National Taipei University held a competition to name a new student dormitory on campus, with students and staff members enthusiastically putting forward a variety of creative names, such as the winner Shizaihalou (是在哈樓, It’s at Halou) and Fenggoudong (瘋狗棟, Rabid Dog Building), the third-placed entry.
The competition ended last week and organizers selected the second-placed entry, Chenxilou (辰曦樓, Dawn Sunlight Building), to be the dormitory’s official name.
Online commenters immediately began to grumble, questioning why the second-placed entry was selected ahead of “It’s at Halou,” which garnered the most votes.
What was likely the rationale behind the organizers’ decision?
First, the competition rules clearly stated that management at the university would select one of the top three entries.
Second, the university’s three previously built dormitories were named Xiaori (曉日, Early Morning Sun), Haoyue, (皓月, Bright Moon) and Fanxing (繁星, Starry Sky).
Calling the new dormitory “Dawn Sunlight Building” created a harmonious quartet of celestial-named dormitory buildings.
Piecing together the second character of each of the existing dormitory names with the first character of the new dormitory name — ri (日, sun), yue (月, moon), xing (星, star) and chen (辰, fifth earthly branch) — creates the elegant phrase: ri yue xing chen (日月星辰), which can be translated into English as “the sun, the moon and the stars,” or “heavenly bodies.”
It is understandable why the university’s board selected this name over the other two.
Dormitory names at most Taiwanese universities are chosen by members of the administration. The buildings are typically given nondescript names such as “No. 1 Male Dormitory” or “No. 2 Female Dormitory.”
Taking this into consideration, Dawn Sunlight Building is not such a bad name. Moreover, the decision to choose the second-placed name did not keep those who created the winning entry from pocketing their prize money.
Instead, the controversy centers on the decisionmaking process. That the decision was unilaterally made by the university’s board has left many of the school’s students feeling somewhat angry.
There is a simple solution to this problem: Every university has a dormitory committee comprised of students, members of the administration and faculty representatives. The final decision regarding a new dormitory’s name should be rendered by this committee that includes all of the stakeholders.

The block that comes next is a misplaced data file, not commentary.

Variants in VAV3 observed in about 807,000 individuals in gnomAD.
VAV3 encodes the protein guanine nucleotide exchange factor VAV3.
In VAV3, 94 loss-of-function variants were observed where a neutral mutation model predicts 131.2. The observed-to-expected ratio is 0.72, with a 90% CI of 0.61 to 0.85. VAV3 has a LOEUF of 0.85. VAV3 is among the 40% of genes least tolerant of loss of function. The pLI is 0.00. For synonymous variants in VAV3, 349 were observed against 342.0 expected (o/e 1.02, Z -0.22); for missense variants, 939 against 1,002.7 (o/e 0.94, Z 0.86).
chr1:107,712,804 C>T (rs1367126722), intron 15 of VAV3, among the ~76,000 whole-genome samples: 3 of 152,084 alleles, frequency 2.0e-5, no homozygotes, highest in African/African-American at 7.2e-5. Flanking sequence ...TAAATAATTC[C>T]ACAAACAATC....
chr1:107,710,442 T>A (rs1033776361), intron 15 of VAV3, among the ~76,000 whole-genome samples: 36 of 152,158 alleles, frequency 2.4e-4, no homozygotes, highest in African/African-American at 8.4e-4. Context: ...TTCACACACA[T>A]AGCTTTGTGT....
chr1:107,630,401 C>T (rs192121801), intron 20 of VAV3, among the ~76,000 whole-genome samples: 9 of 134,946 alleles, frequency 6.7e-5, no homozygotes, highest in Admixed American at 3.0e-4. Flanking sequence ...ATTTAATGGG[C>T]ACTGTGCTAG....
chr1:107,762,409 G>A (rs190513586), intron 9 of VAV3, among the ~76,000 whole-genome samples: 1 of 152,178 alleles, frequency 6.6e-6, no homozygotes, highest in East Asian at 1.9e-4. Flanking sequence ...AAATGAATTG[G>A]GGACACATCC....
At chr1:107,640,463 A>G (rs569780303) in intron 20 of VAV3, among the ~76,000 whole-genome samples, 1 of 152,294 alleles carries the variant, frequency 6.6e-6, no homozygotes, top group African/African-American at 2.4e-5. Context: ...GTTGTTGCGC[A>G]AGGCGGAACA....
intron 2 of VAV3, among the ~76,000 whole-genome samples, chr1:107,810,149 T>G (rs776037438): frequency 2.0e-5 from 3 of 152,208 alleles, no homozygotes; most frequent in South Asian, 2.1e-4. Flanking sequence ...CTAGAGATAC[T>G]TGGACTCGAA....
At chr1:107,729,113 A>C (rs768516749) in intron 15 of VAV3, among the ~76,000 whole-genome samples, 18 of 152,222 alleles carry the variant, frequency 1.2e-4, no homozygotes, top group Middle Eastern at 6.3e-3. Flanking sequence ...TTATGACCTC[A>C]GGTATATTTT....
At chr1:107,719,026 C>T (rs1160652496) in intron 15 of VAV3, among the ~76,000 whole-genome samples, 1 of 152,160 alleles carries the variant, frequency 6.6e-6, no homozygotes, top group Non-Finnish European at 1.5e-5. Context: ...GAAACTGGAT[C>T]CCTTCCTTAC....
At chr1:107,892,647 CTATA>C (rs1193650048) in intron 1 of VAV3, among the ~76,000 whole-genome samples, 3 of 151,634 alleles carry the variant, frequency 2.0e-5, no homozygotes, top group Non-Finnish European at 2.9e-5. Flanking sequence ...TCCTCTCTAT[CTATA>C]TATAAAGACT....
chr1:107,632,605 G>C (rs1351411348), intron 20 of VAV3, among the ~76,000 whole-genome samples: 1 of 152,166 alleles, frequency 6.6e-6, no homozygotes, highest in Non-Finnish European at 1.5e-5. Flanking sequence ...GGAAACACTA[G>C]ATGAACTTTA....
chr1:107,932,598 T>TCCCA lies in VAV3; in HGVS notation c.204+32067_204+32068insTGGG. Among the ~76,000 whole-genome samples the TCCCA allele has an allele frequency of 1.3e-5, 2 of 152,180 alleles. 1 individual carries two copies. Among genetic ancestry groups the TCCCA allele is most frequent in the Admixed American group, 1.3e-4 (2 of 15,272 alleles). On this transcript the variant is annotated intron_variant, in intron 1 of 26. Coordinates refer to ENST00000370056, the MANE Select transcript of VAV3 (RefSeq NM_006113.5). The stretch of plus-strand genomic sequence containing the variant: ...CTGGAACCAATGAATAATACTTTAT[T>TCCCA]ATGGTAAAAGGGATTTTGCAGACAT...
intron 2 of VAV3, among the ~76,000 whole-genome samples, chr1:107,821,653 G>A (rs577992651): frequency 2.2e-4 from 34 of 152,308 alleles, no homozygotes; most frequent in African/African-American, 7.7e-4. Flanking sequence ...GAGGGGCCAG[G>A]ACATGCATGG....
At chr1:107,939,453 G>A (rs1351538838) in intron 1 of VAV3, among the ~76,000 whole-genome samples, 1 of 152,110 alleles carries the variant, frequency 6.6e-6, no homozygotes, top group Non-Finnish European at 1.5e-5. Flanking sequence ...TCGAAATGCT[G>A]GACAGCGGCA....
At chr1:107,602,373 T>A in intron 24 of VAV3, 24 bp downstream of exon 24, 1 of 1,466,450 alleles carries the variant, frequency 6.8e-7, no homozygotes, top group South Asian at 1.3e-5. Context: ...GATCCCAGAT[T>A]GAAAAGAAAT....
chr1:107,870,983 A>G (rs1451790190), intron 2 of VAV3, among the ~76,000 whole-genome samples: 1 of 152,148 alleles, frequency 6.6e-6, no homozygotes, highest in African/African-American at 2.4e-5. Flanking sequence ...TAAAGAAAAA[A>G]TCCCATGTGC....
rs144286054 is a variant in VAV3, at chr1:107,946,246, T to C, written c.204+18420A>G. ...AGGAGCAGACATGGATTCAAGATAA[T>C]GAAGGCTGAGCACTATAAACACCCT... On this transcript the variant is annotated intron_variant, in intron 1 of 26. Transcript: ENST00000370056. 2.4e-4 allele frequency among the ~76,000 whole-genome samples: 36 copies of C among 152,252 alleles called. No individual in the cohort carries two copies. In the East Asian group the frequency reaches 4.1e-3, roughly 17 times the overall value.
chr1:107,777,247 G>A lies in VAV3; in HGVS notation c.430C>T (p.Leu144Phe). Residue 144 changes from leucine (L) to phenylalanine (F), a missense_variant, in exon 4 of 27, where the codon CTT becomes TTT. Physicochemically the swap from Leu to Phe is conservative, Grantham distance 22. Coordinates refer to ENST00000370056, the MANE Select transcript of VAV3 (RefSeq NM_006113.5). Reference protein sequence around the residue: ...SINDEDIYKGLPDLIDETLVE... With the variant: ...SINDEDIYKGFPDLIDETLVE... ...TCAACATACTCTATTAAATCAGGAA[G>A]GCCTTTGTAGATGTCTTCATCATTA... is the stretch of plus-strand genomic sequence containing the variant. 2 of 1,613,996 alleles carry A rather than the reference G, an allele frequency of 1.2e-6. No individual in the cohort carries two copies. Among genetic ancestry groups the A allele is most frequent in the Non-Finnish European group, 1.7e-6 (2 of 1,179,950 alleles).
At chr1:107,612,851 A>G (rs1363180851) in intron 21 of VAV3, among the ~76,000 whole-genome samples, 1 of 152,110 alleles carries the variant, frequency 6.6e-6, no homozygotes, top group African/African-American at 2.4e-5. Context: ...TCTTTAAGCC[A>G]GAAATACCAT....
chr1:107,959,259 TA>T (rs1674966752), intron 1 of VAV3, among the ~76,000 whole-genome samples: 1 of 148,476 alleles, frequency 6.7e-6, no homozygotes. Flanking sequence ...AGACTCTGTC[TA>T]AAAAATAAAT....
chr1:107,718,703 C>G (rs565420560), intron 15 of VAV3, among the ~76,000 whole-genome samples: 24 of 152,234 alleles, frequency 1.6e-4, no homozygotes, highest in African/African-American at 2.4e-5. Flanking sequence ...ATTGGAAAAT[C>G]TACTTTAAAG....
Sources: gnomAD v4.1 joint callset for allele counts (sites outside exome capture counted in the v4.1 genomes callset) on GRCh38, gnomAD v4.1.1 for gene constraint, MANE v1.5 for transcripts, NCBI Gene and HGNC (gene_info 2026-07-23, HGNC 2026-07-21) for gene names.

This would allow the school to accommodate a broader range of perspectives and dispel any accusations of an autocratic decisionmaking process.
At universities where students enjoy a high degree of autonomy, the whole process could be organized by a self-governing student union.
Many people worry that such a system would result in the selection of joke names, but the opposite is true. It is precisely because of the extra oversight that students support funny names.
In a democratic society, it is vital that people take responsibility for their decisions and universities are the ideal forum for cultivating this self-discipline.
In the future, may every school in Taiwan include a higher degree of student input in their decisionmaking.
Chiu Cheng-liang is president of the student union at National Taiwan Ocean University.
Translated by Edward Jones
South China Sea exercises in July by two United States Navy nuclear-powered aircraft carriers reminds that Taiwan’s history since mid-1950, and as a free nation, is intertwined with that of the aircraft carrier. Eventually Taiwan will host aircraft carriers, either those built under its democratic government or those imposed on its territory by the Chinese Communist Party (CCP) and its People’s Liberation Army Navy (PLAN). By September 1944, a lack of sufficient carrier airpower and land-based airpower persuaded US Army and Navy leaders to forgo an invasion to wrest Taiwan from Japanese control, thereby sparing Taiwanese considerable wartime destruction. But two
This year, India and Taiwan can look back on 25 years of so-called unofficial ties. This provides an occasion to ponder over how they can deepen collaboration and strengthen their relations. This reflection must be free from excitement and agitation caused by the ongoing China-US great power jostling as well as China’s aggressive actions against many of its neighbors, including India. It must be based on long-term trends in bilateral engagement. To begin with, India and Taiwan, thus far, have had relations constituted by various activities, but what needs to be thought about now is whether they can transform their ties
As Taiwan is engulfed in worries about Chinese infiltration, news reports have revealed that power inverters made by China’s Huawei Technologies Co are used in the solar panels on the top of the Legislative Yuan’s Zhenjiang House (鎮江會館) on Zhenjiang Street in Taipei. However, what is even more worrying is that Taiwan’s new national electronic identification card (eID) has been subcontracted to the French security firm and eID maker Idemia, which has not only cooperated with the Chinese Public Security Bureau to manufacture eIDs in China, but also makes the new identification cards being issued in Hong Kong. There might be more
All lives eventually come to an end. Over the years, my friendship with former president Lee Teng-hui (李登輝) had its ups and downs. Lee’s passing was a heavy blow and has left me deeply saddened. We experienced a lot together and the memories have come flooding back. Lee was born several months earlier than me. During World War II, he was studying at Kyoto Imperial University, but halfway through his studies, he was forced to change his name and enter military service. I was studying at Tokyo Imperial University, but went into hiding to avoid military service, and I was later